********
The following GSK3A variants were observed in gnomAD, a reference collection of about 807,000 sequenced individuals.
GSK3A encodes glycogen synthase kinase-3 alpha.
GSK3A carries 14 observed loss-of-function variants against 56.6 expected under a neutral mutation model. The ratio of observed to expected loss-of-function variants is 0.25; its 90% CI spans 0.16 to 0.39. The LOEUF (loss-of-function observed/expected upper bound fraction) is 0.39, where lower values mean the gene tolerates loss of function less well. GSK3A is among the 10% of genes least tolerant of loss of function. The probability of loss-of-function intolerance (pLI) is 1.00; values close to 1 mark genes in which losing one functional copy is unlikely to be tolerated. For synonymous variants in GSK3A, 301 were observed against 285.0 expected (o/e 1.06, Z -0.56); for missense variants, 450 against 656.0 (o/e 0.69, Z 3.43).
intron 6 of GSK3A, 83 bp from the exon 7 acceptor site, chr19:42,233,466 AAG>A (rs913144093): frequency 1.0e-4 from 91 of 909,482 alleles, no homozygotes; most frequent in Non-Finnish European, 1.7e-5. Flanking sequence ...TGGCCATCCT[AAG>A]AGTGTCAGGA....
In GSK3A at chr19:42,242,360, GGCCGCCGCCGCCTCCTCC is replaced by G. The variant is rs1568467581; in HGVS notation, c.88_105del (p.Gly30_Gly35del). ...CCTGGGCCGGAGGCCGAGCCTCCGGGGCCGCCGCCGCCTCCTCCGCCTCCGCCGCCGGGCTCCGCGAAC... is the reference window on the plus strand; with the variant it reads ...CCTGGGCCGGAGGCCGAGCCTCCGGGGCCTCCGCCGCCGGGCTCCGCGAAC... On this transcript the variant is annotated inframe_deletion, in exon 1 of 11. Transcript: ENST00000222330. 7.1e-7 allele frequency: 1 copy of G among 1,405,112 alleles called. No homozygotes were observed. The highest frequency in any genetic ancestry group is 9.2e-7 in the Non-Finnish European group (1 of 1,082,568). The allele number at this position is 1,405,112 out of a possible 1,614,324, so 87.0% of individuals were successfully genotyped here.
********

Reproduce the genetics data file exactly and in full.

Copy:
The following GSK3A variants were observed in gnomAD, a reference collection of about 807,000 sequenced individuals.
GSK3A encodes glycogen synthase kinase-3 alpha.
GSK3A carries 14 observed loss-of-function variants against 56.6 expected under a neutral mutation model. The ratio of observed to expected loss-of-function variants is 0.25; its 90% CI spans 0.16 to 0.39. The LOEUF (loss-of-function observed/expected upper bound fraction) is 0.39, where lower values mean the gene tolerates loss of function less well. GSK3A is among the 10% of genes least tolerant of loss of function. The probability of loss-of-function intolerance (pLI) is 1.00; values close to 1 mark genes in which losing one functional copy is unlikely to be tolerated. For synonymous variants in GSK3A, 301 were observed against 285.0 expected (o/e 1.06, Z -0.56); for missense variants, 450 against 656.0 (o/e 0.69, Z 3.43).
intron 6 of GSK3A, 83 bp from the exon 7 acceptor site, chr19:42,233,466 AAG>A (rs913144093): frequency 1.0e-4 from 91 of 909,482 alleles, no homozygotes; most frequent in Non-Finnish European, 1.7e-5. Flanking sequence ...TGGCCATCCT[AAG>A]AGTGTCAGGA....
In GSK3A at chr19:42,242,360, GGCCGCCGCCGCCTCCTCC is replaced by G. The variant is rs1568467581; in HGVS notation, c.88_105del (p.Gly30_Gly35del). ...CCTGGGCCGGAGGCCGAGCCTCCGGGGCCGCCGCCGCCTCCTCCGCCTCCGCCGCCGGGCTCCGCGAAC... is the reference window on the plus strand; with the variant it reads ...CCTGGGCCGGAGGCCGAGCCTCCGGGGCCTCCGCCGCCGGGCTCCGCGAAC... On this transcript the variant is annotated inframe_deletion, in exon 1 of 11. Transcript: ENST00000222330. 7.1e-7 allele frequency: 1 copy of G among 1,405,112 alleles called. No homozygotes were observed. The highest frequency in any genetic ancestry group is 9.2e-7 in the Non-Finnish European group (1 of 1,082,568). The allele number at this position is 1,405,112 out of a possible 1,614,324, so 87.0% of individuals were successfully genotyped here.